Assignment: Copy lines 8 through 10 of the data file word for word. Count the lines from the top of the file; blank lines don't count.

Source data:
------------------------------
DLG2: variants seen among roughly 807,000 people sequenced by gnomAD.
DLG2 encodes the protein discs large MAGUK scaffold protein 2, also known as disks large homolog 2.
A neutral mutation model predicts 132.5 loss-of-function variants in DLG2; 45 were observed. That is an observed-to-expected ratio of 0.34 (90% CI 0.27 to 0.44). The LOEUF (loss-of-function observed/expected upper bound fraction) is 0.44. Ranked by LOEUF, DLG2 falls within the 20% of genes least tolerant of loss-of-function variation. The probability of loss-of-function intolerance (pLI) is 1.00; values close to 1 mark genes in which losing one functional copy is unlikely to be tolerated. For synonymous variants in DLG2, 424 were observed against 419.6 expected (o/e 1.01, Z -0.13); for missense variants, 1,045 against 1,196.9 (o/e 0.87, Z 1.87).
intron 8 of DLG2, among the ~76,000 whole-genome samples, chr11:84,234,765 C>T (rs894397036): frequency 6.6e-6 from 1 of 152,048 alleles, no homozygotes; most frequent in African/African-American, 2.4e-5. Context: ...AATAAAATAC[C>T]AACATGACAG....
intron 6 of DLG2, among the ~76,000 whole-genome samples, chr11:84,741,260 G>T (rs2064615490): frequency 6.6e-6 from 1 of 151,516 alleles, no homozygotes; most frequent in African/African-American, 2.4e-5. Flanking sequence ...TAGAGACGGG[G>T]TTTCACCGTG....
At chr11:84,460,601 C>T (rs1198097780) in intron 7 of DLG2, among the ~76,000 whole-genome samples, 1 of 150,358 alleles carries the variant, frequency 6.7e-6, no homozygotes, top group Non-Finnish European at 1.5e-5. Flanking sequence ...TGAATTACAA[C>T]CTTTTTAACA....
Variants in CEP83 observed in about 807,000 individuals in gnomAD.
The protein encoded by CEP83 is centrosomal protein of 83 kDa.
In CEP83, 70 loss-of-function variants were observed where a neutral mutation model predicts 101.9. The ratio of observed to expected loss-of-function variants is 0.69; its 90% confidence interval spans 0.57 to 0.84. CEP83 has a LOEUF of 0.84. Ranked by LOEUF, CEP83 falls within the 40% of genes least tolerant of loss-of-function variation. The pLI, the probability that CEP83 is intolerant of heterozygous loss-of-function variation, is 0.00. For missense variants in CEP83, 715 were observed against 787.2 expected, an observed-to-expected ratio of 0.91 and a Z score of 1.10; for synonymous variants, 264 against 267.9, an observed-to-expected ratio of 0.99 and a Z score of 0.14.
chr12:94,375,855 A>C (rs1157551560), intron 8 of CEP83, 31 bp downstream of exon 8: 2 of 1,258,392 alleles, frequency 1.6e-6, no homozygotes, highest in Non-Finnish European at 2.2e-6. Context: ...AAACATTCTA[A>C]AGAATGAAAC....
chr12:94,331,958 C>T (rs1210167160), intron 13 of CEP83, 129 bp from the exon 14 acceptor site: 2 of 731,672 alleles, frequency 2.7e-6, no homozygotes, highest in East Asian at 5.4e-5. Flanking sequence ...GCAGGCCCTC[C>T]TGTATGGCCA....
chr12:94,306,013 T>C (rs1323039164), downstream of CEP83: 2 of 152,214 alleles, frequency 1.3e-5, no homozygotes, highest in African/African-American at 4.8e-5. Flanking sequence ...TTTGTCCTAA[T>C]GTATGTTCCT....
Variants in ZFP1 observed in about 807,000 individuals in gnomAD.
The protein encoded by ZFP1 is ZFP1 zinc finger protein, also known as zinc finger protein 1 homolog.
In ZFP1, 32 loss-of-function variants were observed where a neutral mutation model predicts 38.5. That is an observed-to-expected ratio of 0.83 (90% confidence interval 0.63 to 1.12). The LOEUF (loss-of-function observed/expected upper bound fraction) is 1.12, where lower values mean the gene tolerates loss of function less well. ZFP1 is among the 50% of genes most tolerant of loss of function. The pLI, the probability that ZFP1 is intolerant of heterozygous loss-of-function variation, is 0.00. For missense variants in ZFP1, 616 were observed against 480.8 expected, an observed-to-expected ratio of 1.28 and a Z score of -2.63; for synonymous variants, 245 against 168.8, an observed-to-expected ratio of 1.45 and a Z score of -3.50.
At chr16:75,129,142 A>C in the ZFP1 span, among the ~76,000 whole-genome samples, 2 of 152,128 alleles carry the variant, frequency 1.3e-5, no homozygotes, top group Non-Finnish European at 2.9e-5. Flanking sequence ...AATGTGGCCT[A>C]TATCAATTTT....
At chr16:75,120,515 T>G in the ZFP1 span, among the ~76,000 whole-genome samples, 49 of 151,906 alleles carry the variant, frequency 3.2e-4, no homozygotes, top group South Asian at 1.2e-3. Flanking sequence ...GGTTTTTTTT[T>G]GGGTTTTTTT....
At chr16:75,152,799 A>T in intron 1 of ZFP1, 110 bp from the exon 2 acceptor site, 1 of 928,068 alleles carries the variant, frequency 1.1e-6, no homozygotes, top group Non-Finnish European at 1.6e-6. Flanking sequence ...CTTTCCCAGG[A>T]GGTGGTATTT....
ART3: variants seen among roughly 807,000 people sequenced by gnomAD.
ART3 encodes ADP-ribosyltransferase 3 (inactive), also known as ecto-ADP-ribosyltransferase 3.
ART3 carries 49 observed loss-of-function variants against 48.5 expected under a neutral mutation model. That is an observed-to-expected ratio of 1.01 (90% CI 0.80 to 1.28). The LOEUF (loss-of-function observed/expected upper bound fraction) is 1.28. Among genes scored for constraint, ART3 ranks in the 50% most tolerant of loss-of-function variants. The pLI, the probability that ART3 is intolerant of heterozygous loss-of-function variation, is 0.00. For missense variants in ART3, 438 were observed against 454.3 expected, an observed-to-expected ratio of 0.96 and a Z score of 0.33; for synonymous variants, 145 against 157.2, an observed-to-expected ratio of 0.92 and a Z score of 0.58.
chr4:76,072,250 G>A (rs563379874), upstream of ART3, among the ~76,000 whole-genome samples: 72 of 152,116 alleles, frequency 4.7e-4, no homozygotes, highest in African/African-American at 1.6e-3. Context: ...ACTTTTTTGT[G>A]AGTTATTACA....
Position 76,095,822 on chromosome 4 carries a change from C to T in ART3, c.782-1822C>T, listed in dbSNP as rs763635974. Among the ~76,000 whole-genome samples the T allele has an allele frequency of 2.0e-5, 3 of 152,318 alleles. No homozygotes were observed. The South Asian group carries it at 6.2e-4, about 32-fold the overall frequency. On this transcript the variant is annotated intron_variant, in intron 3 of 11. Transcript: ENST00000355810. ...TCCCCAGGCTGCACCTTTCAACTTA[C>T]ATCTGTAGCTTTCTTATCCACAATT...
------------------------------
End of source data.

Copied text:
The protein encoded by CEP83 is centrosomal protein of 83 kDa.
In CEP83, 70 loss-of-function variants were observed where a neutral mutation model predicts 101.9. The ratio of observed to expected loss-of-function variants is 0.69; its 90% confidence interval spans 0.57 to 0.84. CEP83 has a LOEUF of 0.84. Ranked by LOEUF, CEP83 falls within the 40% of genes least tolerant of loss-of-function variation. The pLI, the probability that CEP83 is intolerant of heterozygous loss-of-function variation, is 0.00. For missense variants in CEP83, 715 were observed against 787.2 expected, an observed-to-expected ratio of 0.91 and a Z score of 1.10; for synonymous variants, 264 against 267.9, an observed-to-expected ratio of 0.99 and a Z score of 0.14.
chr12:94,375,855 A>C (rs1157551560), intron 8 of CEP83, 31 bp downstream of exon 8: 2 of 1,258,392 alleles, frequency 1.6e-6, no homozygotes, highest in Non-Finnish European at 2.2e-6. Context: ...AAACATTCTA[A>C]AGAATGAAAC....